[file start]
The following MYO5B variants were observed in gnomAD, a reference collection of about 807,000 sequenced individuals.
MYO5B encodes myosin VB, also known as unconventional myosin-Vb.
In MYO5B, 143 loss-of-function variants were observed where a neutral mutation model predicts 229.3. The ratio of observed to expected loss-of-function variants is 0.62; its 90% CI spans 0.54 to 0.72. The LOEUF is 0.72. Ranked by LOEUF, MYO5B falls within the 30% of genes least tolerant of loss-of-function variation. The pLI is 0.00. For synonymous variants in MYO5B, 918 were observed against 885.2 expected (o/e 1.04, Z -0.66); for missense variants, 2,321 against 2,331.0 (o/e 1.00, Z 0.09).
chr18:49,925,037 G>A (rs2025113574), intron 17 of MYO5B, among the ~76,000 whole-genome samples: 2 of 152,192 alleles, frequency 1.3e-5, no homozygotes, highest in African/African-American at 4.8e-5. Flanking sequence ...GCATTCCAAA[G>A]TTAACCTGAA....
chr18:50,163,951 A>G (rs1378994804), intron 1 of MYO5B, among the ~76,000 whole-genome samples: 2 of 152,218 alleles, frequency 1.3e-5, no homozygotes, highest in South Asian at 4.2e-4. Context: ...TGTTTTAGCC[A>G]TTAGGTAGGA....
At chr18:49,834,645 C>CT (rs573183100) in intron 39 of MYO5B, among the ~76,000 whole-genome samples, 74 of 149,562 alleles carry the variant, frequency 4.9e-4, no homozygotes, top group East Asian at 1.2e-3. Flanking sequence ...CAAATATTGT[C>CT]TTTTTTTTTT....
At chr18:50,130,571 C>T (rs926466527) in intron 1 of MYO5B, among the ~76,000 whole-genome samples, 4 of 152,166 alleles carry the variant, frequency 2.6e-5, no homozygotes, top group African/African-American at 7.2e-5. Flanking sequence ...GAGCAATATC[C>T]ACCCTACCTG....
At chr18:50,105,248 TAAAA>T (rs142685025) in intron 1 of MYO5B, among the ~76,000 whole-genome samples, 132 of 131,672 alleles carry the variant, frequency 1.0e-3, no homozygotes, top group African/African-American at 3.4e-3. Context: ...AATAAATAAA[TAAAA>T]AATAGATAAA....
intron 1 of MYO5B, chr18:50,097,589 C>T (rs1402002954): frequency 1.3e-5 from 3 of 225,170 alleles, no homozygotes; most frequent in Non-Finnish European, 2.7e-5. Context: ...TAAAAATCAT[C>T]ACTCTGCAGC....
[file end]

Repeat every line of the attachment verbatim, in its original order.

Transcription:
The following MYO5B variants were observed in gnomAD, a reference collection of about 807,000 sequenced individuals.
MYO5B encodes myosin VB, also known as unconventional myosin-Vb.
In MYO5B, 143 loss-of-function variants were observed where a neutral mutation model predicts 229.3. The ratio of observed to expected loss-of-function variants is 0.62; its 90% CI spans 0.54 to 0.72. The LOEUF is 0.72. Ranked by LOEUF, MYO5B falls within the 30% of genes least tolerant of loss-of-function variation. The pLI is 0.00. For synonymous variants in MYO5B, 918 were observed against 885.2 expected (o/e 1.04, Z -0.66); for missense variants, 2,321 against 2,331.0 (o/e 1.00, Z 0.09).
chr18:49,925,037 G>A (rs2025113574), intron 17 of MYO5B, among the ~76,000 whole-genome samples: 2 of 152,192 alleles, frequency 1.3e-5, no homozygotes, highest in African/African-American at 4.8e-5. Flanking sequence ...GCATTCCAAA[G>A]TTAACCTGAA....
chr18:50,163,951 A>G (rs1378994804), intron 1 of MYO5B, among the ~76,000 whole-genome samples: 2 of 152,218 alleles, frequency 1.3e-5, no homozygotes, highest in South Asian at 4.2e-4. Context: ...TGTTTTAGCC[A>G]TTAGGTAGGA....
At chr18:49,834,645 C>CT (rs573183100) in intron 39 of MYO5B, among the ~76,000 whole-genome samples, 74 of 149,562 alleles carry the variant, frequency 4.9e-4, no homozygotes, top group East Asian at 1.2e-3. Flanking sequence ...CAAATATTGT[C>CT]TTTTTTTTTT....
At chr18:50,130,571 C>T (rs926466527) in intron 1 of MYO5B, among the ~76,000 whole-genome samples, 4 of 152,166 alleles carry the variant, frequency 2.6e-5, no homozygotes, top group African/African-American at 7.2e-5. Flanking sequence ...GAGCAATATC[C>T]ACCCTACCTG....
At chr18:50,105,248 TAAAA>T (rs142685025) in intron 1 of MYO5B, among the ~76,000 whole-genome samples, 132 of 131,672 alleles carry the variant, frequency 1.0e-3, no homozygotes, top group African/African-American at 3.4e-3. Context: ...AATAAATAAA[TAAAA>T]AATAGATAAA....
intron 1 of MYO5B, chr18:50,097,589 C>T (rs1402002954): frequency 1.3e-5 from 3 of 225,170 alleles, no homozygotes; most frequent in Non-Finnish European, 2.7e-5. Context: ...TAAAAATCAT[C>T]ACTCTGCAGC....